Justin Sun Postpones $4.6m Lunch and Long Island Blockchain Turns Sour

Over the past week, Justin Sun postponed his much-publicised lunch with Warren Buffet due to “kidney stones” prompting a range of theories on his personal circumstances, opportunistic beverage company Long Island Iced Tea were the subject of an FBI investigation following its absurd pivot into blockchain and crypto personality and libertarian John McAfee went on the lam, ending up in police custody in the Dominican Republic.


Sun rumours rise in the East and set in the west

Following the sudden cancellation of his lunch date with Warren Buffett, Chinese media speculated that the entrepreneur was in police custody and unable to travel to the US. Among the reasons cited for the government’s interest were the gratuitously large sum he paid for the Buffett meeting, rumours of money laundering and the fallout of the Wave Field ponzi scheme, all of which have brought scrutiny on the Tron network. The reports proved false with Sun live streaming later that day from San Francisco, where he has reportedly been living since October of last year.

Ripple sales of XRP tokens hit new high of $251.5m in Q2 2019

Many an eyebrow has been raised in the crypto community over Ripple’s business model, which involves selling tokens from their reserves on the open market to fund its operations. The extent of the selling has been revealed in the company’s latest quarterly report, which shows $251.5m XRP were sold this past quarter, and $1.1 billion since Q4 2016. The breakdown of the sales shows 36% were sold to exchanges and 64% to institutional customers. The inflation rate has likely been a factor in the decline of the token’s value, down 10% in 2019.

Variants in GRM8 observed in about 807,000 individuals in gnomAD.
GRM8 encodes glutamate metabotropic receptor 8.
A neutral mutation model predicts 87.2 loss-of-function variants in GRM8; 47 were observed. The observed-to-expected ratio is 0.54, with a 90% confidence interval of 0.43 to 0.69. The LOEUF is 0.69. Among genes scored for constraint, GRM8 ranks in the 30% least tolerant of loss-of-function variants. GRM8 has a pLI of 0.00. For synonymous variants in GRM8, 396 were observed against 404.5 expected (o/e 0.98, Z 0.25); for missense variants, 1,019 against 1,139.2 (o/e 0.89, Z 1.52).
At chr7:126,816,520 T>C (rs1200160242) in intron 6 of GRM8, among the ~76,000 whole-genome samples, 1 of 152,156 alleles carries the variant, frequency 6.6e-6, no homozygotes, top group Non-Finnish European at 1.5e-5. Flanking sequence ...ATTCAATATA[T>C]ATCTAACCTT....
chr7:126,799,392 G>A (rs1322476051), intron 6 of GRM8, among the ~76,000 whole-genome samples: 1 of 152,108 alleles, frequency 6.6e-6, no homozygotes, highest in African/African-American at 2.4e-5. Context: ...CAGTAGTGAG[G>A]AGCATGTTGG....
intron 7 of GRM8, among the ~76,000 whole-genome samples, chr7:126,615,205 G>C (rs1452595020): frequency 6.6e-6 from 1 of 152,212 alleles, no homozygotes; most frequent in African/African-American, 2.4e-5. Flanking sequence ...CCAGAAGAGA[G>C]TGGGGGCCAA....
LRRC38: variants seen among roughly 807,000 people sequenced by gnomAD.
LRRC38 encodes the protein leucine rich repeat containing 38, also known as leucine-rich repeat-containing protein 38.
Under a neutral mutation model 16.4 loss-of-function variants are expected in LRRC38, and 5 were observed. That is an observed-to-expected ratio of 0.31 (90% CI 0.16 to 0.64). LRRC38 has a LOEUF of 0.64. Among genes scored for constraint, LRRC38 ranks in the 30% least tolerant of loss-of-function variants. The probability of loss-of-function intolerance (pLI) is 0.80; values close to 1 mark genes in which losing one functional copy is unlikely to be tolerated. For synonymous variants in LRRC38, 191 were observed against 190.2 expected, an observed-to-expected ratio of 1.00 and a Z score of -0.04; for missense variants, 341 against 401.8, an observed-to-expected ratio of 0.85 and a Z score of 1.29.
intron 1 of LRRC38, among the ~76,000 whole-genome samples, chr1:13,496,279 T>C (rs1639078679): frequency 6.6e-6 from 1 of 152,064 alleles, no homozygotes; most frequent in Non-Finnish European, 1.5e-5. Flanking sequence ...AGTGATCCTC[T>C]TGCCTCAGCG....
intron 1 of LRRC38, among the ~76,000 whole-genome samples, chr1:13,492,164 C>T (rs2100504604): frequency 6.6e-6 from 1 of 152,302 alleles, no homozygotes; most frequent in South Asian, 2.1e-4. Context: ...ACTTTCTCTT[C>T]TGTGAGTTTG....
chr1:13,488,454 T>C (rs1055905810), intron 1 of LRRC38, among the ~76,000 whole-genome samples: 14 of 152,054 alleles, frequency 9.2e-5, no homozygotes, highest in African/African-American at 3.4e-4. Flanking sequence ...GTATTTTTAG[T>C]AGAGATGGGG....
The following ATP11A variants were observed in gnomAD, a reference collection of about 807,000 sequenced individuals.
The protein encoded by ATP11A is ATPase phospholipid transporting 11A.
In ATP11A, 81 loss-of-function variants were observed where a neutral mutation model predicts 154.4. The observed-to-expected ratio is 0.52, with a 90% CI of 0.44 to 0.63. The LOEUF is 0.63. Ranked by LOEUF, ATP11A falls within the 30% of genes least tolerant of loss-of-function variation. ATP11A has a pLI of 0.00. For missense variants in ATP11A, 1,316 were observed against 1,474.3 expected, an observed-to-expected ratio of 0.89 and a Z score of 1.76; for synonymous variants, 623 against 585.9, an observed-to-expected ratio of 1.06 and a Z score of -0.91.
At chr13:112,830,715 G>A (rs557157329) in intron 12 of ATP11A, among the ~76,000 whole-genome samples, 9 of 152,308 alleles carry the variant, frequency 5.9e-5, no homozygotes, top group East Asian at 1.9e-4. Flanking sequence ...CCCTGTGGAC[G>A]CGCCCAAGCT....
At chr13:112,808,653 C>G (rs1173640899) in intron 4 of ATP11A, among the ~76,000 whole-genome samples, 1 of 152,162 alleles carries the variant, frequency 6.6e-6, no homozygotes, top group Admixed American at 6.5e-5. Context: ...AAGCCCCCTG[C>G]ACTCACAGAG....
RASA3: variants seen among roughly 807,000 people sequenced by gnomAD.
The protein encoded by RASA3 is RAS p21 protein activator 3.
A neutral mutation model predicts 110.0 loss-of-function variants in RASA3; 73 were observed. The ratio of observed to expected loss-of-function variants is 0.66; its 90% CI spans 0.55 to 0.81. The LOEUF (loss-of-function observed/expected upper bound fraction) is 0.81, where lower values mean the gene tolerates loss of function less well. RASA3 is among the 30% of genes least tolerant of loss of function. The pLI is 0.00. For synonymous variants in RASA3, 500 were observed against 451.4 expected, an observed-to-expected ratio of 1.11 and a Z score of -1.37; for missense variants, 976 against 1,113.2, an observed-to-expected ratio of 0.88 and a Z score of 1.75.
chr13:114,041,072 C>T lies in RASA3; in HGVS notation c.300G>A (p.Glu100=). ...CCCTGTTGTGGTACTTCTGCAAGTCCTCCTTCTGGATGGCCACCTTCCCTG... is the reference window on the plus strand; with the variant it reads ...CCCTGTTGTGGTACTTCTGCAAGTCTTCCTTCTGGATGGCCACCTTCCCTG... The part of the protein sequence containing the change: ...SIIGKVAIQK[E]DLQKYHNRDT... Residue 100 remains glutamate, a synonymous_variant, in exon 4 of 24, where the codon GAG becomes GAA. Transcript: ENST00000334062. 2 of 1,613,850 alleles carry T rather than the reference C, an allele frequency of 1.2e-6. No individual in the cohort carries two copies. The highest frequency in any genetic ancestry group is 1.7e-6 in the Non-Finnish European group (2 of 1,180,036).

MetaMask goes mobile

Ethereum wallet MetaMask announced the beta release of its highly anticipated mobile product. The browser-based platform, which allows users to send ETH, ERC-20 and ERC-721 (collectibles) tokens, has been one of the most popular products in the Ethereum ecosystem with around 264,000 monthly active users. This latest move is potentially a major step in increasing the usability of crypto assets, bringing simple token transfer to the mobile consumer.  

The long take 

Is the time up for crypto’s top LARPer?

There’s an unusual verb that’s entered the crypto vernacular – larping. Drawn from the world of online gaming, to larp (an acronym of live action role-play) means to act in a pretentious, and often deceptive, way. In essence, fake it till you make it. Larping in crypto occurs at all levels of the food chain, from failed traders pretending to live lambo lifestyles through to shady crypto ‘entrepreneurs’ pushing vapourware on unsophisticated investors.

Many will argue that there are few who embody the LARP energy more than Justin Sun, founder and CEO of Tron. Since Tron’s ICO nearly two years ago, Sun has made a flood of headlines, often for the wrong reasons. Announcements about announcements (ostensibly to build anticipation and boost price speculation), a reportedly plagiarised whitepaper and, most recently, his inaction over a Tron-affiliated ponzi scheme project that scammed millions from Chinese investors have all done little to enhance his perception among the crypto public.

Now, if recent reports are to be believed, it appears the Chinese Government has Sun on its radar. The extravagance of paying $4.6 million to lunch with billionaire Warren Buffett, Peiwo (another of Sun’s companies) being removed from the Chinese app store for unsuitable content, and protests at Tron’s offices in Beijing over the Wave Field scam have made him a credible target. The purchase and subsequent IEO of torrenting service BitTorrent has no doubt also raised questions among regulators.